The Berean Expositor
Volume 44 - Page 122 of 247
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"The House of Jacob shall Possess their Possessions"
Peace as a
result of Righteousness, and its realization.
pp. 89, 90
We have considered the meaning of the word `possess' and seen the symbolism
intended in the `treading with the sole of the foot'. Let us now take a survey of our
blessings, and see how far we have `possessed' them. Before leaving the picturesque
background of O.T. story and of the Hebrew language for the more precise doctrinal
language of the N.T. and the Greek, we may profit by pondering one or two passages
which illustrate or demand the application of the principle we are examining.
In Isa. 32: we read:
"And My people shall dwell in a peaceable habitation, and in sure dwellings, and in
quiet resting places" (Isa. 32: 18).
What a delightful prospect these words bring before the mind, especially today when
we see the awful results of unrest all around us. The dwelling here contemplated is not
the temporary and transitory life in tent or caravan that is indicated by shaken, it is rather
that dwelling, which is indicated by the Hebrew yashab, which means primarily `to sit'.
"They shall not build, and another inhabit (yashab) . . . . . Mine elect shall long enjoy
the work of their hands" (Isa. 65: 22).
In one form of the verb, yashab is translated `inhabitant' 25 times in Isaiah alone.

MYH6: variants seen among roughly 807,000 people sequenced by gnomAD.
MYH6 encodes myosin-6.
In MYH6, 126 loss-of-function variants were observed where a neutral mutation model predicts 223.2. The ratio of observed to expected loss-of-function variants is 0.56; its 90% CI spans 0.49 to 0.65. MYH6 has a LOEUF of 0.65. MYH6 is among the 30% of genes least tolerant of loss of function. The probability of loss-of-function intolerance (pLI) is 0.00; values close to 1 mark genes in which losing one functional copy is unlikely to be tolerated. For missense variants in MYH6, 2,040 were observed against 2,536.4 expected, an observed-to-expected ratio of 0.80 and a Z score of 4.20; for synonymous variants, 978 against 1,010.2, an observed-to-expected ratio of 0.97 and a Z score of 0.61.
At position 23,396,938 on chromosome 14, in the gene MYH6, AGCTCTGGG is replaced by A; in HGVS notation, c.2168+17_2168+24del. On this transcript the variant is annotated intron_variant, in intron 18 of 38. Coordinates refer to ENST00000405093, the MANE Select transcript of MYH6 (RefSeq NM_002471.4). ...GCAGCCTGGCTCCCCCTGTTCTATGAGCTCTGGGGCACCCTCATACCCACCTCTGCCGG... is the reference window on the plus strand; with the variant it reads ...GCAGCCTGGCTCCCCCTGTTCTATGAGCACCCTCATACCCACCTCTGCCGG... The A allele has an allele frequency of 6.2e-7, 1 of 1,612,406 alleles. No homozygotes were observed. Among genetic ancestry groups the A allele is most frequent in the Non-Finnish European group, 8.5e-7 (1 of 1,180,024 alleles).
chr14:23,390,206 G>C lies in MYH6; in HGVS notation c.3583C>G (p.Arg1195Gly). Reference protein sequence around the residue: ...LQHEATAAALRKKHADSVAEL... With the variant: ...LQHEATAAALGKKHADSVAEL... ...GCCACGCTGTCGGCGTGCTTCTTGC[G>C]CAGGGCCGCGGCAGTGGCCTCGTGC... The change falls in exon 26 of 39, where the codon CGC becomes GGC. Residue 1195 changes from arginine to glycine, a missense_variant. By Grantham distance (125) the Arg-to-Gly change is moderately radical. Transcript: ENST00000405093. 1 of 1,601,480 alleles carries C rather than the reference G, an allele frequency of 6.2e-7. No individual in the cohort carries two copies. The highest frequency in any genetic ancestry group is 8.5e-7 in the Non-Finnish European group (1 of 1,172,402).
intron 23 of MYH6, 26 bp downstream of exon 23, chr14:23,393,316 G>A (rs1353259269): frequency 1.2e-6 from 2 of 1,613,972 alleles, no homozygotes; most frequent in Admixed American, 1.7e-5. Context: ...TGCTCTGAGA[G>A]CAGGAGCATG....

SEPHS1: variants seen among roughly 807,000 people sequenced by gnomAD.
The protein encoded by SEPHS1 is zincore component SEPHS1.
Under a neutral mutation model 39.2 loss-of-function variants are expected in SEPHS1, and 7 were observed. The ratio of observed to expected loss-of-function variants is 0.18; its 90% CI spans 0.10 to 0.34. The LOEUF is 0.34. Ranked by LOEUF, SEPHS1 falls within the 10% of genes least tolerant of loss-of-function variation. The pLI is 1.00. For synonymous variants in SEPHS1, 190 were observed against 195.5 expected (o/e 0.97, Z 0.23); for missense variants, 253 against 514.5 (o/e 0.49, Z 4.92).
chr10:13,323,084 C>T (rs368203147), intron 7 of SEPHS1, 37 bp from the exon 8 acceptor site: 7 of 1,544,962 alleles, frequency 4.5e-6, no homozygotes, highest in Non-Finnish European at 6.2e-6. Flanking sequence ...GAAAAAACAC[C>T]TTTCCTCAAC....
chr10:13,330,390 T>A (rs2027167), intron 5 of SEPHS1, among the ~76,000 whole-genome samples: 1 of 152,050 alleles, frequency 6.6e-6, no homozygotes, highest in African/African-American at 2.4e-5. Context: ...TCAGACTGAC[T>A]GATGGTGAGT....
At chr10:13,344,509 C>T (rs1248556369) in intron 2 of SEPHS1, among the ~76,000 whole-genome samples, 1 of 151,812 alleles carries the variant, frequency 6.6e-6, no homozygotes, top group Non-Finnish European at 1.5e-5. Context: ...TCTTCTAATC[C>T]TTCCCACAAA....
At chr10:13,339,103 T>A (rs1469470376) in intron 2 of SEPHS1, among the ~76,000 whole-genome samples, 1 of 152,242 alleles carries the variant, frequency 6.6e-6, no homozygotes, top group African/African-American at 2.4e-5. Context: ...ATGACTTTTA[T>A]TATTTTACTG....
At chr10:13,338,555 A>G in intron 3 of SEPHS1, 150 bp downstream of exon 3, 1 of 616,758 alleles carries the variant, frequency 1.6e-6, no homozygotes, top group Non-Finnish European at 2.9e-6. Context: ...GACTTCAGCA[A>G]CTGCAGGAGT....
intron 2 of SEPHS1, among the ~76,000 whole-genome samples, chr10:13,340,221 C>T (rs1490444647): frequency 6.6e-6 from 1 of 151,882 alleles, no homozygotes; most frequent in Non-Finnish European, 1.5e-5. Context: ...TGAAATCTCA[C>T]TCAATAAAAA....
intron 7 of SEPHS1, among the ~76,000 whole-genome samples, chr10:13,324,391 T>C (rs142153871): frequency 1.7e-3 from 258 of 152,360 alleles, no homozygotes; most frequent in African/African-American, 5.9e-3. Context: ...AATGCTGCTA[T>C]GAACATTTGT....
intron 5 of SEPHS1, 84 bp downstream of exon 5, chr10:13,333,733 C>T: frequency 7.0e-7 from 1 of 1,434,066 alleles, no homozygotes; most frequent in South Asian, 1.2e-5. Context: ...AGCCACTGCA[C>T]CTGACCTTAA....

These `habitations' are not only peaceable, they are `sure'. The word thus translated
comes from batach which means `to confide', `to have confidence'. Batach is translated
`trust' more frequently than by any other word, and we give the following references in
Isaiah as examples (Isa. 26: 4-7; 26: 3, 4; 12: 2; 50: 10).  Betach the substantive
occurs in three passages in Isaiah:
"The needy shall lie down in safety" (14: 30).
"Quietness and assurance for ever" (32: 17).
"Thou that . . . . . dwellest carelessly" (47: 8).
In the third place, these peaceable dwellings are called "Quiet resting places". The
word here translated `resting place' is menuchah, and is a word full of meaning.
It is the word used in Numb. 10: 33 where we read how the Ark of the covenant went
before Israel in the `three days' journey (suggestive of resurrection) "to search out a
resting place for them". It was the word used by Naomi in her advice to Ruth to return
to Moab, marry and find a home (Ruth 1: 9).  It provides us with the "still" waters of
Psa. 23: (margin waters of quietness). Such are some of the blessed attributes of this
`peaceable dwelling'. The reader may, however, be moved to ask how all this, good as it
may be, finds a place in a series confessedly devoted to the idea of `possessing our